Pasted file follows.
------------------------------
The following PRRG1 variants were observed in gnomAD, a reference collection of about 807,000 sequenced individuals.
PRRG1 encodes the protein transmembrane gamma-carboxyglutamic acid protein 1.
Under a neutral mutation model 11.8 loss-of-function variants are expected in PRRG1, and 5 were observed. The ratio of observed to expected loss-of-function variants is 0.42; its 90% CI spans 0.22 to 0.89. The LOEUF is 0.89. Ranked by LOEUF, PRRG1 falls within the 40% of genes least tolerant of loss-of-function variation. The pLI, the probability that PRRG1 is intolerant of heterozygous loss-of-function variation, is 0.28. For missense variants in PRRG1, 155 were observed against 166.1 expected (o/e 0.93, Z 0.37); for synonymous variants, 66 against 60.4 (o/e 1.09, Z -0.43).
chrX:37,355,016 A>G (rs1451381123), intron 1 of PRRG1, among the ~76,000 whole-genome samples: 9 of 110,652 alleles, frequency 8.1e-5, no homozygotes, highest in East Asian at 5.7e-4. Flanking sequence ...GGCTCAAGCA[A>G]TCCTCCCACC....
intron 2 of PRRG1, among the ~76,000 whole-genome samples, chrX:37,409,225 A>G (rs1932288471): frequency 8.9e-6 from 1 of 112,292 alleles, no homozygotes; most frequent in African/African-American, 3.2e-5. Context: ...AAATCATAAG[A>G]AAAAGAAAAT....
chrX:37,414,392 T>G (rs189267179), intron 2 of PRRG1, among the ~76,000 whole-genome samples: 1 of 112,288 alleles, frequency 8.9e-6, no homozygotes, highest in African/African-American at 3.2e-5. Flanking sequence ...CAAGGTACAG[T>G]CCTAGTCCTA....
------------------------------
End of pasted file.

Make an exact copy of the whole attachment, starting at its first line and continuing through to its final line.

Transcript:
The following PRRG1 variants were observed in gnomAD, a reference collection of about 807,000 sequenced individuals.
PRRG1 encodes the protein transmembrane gamma-carboxyglutamic acid protein 1.
Under a neutral mutation model 11.8 loss-of-function variants are expected in PRRG1, and 5 were observed. The ratio of observed to expected loss-of-function variants is 0.42; its 90% CI spans 0.22 to 0.89. The LOEUF is 0.89. Ranked by LOEUF, PRRG1 falls within the 40% of genes least tolerant of loss-of-function variation. The pLI, the probability that PRRG1 is intolerant of heterozygous loss-of-function variation, is 0.28. For missense variants in PRRG1, 155 were observed against 166.1 expected (o/e 0.93, Z 0.37); for synonymous variants, 66 against 60.4 (o/e 1.09, Z -0.43).
chrX:37,355,016 A>G (rs1451381123), intron 1 of PRRG1, among the ~76,000 whole-genome samples: 9 of 110,652 alleles, frequency 8.1e-5, no homozygotes, highest in East Asian at 5.7e-4. Flanking sequence ...GGCTCAAGCA[A>G]TCCTCCCACC....
intron 2 of PRRG1, among the ~76,000 whole-genome samples, chrX:37,409,225 A>G (rs1932288471): frequency 8.9e-6 from 1 of 112,292 alleles, no homozygotes; most frequent in African/African-American, 3.2e-5. Context: ...AAATCATAAG[A>G]AAAAGAAAAT....
chrX:37,414,392 T>G (rs189267179), intron 2 of PRRG1, among the ~76,000 whole-genome samples: 1 of 112,288 alleles, frequency 8.9e-6, no homozygotes, highest in African/African-American at 3.2e-5. Flanking sequence ...CAAGGTACAG[T>G]CCTAGTCCTA....